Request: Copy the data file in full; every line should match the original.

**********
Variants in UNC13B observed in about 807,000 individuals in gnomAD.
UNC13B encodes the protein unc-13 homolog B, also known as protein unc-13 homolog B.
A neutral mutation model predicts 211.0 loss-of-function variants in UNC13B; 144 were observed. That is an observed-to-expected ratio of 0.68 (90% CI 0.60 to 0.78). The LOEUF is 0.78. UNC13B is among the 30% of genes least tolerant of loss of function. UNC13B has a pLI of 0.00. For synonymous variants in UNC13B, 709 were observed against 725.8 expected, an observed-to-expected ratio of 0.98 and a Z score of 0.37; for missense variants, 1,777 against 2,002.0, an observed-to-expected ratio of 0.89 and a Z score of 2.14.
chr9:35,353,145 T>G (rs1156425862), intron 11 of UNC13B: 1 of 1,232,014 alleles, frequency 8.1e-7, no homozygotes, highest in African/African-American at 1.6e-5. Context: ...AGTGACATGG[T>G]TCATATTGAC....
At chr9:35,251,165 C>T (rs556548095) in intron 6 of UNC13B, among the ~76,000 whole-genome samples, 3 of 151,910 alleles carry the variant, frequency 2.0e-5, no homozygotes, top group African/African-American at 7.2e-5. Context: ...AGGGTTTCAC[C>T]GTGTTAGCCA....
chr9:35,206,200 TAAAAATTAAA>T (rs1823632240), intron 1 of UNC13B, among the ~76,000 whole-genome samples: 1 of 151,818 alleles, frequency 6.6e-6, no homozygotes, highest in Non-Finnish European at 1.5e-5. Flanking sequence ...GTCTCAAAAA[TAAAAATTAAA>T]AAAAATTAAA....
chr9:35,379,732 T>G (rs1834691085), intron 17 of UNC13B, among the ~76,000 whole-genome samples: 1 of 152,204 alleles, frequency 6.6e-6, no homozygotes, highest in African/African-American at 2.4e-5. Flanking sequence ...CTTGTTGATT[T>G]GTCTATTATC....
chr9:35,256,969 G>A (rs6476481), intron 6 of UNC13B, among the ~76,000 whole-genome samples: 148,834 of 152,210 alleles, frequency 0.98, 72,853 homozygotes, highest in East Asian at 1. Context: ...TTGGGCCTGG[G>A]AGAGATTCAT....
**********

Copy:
Variants in UNC13B observed in about 807,000 individuals in gnomAD.
UNC13B encodes the protein unc-13 homolog B, also known as protein unc-13 homolog B.
A neutral mutation model predicts 211.0 loss-of-function variants in UNC13B; 144 were observed. That is an observed-to-expected ratio of 0.68 (90% CI 0.60 to 0.78). The LOEUF is 0.78. UNC13B is among the 30% of genes least tolerant of loss of function. UNC13B has a pLI of 0.00. For synonymous variants in UNC13B, 709 were observed against 725.8 expected, an observed-to-expected ratio of 0.98 and a Z score of 0.37; for missense variants, 1,777 against 2,002.0, an observed-to-expected ratio of 0.89 and a Z score of 2.14.
chr9:35,353,145 T>G (rs1156425862), intron 11 of UNC13B: 1 of 1,232,014 alleles, frequency 8.1e-7, no homozygotes, highest in African/African-American at 1.6e-5. Context: ...AGTGACATGG[T>G]TCATATTGAC....
At chr9:35,251,165 C>T (rs556548095) in intron 6 of UNC13B, among the ~76,000 whole-genome samples, 3 of 151,910 alleles carry the variant, frequency 2.0e-5, no homozygotes, top group African/African-American at 7.2e-5. Context: ...AGGGTTTCAC[C>T]GTGTTAGCCA....
chr9:35,206,200 TAAAAATTAAA>T (rs1823632240), intron 1 of UNC13B, among the ~76,000 whole-genome samples: 1 of 151,818 alleles, frequency 6.6e-6, no homozygotes, highest in Non-Finnish European at 1.5e-5. Flanking sequence ...GTCTCAAAAA[TAAAAATTAAA>T]AAAAATTAAA....
chr9:35,379,732 T>G (rs1834691085), intron 17 of UNC13B, among the ~76,000 whole-genome samples: 1 of 152,204 alleles, frequency 6.6e-6, no homozygotes, highest in African/African-American at 2.4e-5. Flanking sequence ...CTTGTTGATT[T>G]GTCTATTATC....
chr9:35,256,969 G>A (rs6476481), intron 6 of UNC13B, among the ~76,000 whole-genome samples: 148,834 of 152,210 alleles, frequency 0.98, 72,853 homozygotes, highest in East Asian at 1. Context: ...TTGGGCCTGG[G>A]AGAGATTCAT....